January 06, 2015
A Check-List Before Making Your New Year's Resolutions
A Check-List Before Making a New Year's Resolution
Okay, so 2015 is here and many of you will be thinking about making some new year’s resolutions. And even though there are lots of tips out there to help you succeed once you have made the commitment, here are three suggestions to review before jumping in.
Resolutions usually involve making positive changes like losing weight, stop smoking, working out more and so on. The thing is, change is very difficult and I’m convinced that if you’re going to be successful, several factors have to be in place. In general, well thought out plans work better than impulsive urges. Here are some basic questions to ask yourself before taking up a new year’s challenge.
• Are my expectations realistic?
• Is the timing good? All things considered, is this a good time to take on a difficult challenge? How did I come to make the decision to change now?
• Do I really want to change?
Whatever the desired goal, it must be realistic. For example, if I want to lose 50 lbs. but I give myself only 6 months to do it in, I might be setting myself up for failure. Before attempting any significant changes, you have to do a little research and perhaps talk to your doctor and honestly look at your abilities and past record.
Secondly, practical things need to be considered. Things as basic as do I have the time or the money needed to commit to a major project are important to think about. Another factor is one’s stress level and overall health. All change is stressful and anxiety producing even when it’s a positive undertaking.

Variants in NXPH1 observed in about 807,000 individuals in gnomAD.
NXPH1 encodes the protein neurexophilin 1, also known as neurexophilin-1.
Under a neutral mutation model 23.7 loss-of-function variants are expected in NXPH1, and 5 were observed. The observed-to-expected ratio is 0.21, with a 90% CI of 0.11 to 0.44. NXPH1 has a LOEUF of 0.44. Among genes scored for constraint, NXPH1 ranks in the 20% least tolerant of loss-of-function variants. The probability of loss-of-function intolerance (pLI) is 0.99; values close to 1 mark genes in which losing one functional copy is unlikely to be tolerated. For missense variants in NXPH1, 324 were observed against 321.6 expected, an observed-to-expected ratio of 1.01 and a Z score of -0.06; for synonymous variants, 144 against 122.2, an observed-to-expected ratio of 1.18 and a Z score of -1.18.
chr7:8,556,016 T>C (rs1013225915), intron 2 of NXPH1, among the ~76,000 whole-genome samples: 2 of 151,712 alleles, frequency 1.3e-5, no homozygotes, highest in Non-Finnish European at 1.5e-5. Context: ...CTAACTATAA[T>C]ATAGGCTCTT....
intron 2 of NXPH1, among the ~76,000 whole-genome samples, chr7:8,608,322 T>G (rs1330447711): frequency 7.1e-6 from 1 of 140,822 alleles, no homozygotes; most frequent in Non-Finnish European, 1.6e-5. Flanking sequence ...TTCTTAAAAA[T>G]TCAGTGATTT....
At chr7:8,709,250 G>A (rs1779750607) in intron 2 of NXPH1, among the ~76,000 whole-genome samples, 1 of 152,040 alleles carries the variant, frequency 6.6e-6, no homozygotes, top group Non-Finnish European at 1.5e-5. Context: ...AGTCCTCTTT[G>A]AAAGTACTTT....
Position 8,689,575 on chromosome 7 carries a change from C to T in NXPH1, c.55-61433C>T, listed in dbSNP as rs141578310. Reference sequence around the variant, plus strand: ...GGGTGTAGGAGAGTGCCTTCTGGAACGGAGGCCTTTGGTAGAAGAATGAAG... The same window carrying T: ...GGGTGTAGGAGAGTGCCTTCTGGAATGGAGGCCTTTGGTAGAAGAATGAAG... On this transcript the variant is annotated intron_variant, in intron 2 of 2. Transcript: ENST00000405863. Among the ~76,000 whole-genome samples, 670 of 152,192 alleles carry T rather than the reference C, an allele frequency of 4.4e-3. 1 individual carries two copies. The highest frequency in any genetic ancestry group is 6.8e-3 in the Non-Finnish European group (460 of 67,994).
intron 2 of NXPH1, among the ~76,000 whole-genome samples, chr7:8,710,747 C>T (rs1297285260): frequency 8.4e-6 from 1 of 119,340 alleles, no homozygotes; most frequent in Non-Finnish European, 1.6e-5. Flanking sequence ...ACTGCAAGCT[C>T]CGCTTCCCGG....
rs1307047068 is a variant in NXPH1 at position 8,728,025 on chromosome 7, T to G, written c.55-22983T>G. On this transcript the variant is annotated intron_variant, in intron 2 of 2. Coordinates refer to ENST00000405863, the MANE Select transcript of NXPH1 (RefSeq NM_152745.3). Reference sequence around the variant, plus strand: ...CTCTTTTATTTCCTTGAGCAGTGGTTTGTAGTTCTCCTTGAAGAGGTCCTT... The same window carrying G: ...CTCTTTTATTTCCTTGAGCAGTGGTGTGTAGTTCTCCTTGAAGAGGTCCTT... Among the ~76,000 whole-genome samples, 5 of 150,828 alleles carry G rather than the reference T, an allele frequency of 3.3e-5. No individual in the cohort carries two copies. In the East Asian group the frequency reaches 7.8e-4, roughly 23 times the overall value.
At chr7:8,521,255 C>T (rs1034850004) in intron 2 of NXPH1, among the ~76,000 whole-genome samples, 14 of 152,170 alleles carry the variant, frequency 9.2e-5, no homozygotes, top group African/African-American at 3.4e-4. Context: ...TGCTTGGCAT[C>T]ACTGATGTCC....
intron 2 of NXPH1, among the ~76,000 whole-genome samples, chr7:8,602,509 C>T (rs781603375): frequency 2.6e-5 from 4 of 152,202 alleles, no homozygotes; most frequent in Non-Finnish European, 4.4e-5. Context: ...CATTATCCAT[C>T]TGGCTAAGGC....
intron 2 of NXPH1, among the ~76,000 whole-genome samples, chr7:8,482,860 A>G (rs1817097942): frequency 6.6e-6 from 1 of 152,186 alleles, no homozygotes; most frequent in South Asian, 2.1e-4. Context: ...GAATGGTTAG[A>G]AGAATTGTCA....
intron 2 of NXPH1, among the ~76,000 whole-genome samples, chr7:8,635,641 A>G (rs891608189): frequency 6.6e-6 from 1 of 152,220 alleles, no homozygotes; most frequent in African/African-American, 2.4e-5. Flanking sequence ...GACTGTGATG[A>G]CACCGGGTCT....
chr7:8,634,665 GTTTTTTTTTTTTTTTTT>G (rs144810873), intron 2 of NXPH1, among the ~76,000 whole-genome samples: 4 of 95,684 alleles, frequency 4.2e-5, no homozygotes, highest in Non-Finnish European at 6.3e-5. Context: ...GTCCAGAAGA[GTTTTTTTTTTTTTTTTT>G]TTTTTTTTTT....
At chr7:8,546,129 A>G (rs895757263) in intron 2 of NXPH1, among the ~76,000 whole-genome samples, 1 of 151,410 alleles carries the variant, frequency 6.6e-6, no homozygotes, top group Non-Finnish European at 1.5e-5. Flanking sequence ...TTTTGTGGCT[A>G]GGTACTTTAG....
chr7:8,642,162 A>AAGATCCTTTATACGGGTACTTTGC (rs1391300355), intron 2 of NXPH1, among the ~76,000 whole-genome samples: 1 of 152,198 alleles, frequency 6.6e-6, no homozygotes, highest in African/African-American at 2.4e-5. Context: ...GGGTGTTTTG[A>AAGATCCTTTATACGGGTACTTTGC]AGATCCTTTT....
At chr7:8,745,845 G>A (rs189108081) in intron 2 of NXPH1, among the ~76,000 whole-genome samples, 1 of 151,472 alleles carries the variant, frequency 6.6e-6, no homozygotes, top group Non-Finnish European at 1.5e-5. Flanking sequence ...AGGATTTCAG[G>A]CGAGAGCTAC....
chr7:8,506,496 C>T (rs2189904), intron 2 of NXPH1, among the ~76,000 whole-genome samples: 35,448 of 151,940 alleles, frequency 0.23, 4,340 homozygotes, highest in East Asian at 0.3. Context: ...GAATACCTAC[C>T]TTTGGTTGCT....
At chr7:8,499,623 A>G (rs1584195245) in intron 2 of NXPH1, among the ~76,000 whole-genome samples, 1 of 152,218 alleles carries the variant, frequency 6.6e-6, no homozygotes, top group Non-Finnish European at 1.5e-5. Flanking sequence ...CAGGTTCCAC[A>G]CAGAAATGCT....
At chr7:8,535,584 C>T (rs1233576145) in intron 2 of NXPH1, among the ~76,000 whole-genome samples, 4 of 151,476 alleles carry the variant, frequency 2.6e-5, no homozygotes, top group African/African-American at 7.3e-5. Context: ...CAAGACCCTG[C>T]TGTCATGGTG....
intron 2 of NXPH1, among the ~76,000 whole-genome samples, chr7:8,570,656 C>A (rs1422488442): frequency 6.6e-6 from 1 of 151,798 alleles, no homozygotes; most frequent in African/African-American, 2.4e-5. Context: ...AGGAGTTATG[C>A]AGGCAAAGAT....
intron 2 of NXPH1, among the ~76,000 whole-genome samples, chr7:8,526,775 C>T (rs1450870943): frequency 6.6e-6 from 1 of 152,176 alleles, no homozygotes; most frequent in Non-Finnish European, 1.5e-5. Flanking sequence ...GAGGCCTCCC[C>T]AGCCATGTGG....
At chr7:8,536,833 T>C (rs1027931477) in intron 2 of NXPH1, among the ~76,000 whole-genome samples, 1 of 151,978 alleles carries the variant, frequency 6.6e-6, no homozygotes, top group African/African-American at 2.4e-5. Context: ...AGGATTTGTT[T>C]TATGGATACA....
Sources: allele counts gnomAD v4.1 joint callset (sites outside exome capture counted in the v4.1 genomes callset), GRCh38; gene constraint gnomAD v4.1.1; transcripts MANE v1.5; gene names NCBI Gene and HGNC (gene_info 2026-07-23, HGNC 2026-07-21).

Finally, along with practical consideration is the more complicated question of motivation which is often the most critical piece of the puzzle. Many folks undertake new year’s resolutions because they feel outside pressure to do so or because they feel guilty or even fearful. Real change really is made or sustained from a sense of obligation or threat. That doesn’t mean that our feelings aren’t mixed about putting in the effort and certainly our minds usually hold a “minority report” and resist innovation.
And here is a misunderstood fact. Our resistance to change can’t be ignored. To be successful, objections or negative aspects of what the change will bring need to be dealt with. For example, I know need to eat less or stop smoking but to do so will mean that I am more anxious or restless. An alternative way to relax must not only be found but be acceptable and effective.
Succeeding in making a major life change can be one of the most satisfying experiences a person can have. By taking a little time to think through not only the goal but also the process and specific steps involved can greatly increase the likelihood of your success. Good Luck and Happy New Year!
Rev. Michael Heath 1 6 2015
P.S. Here is a video from the archive with some more tips.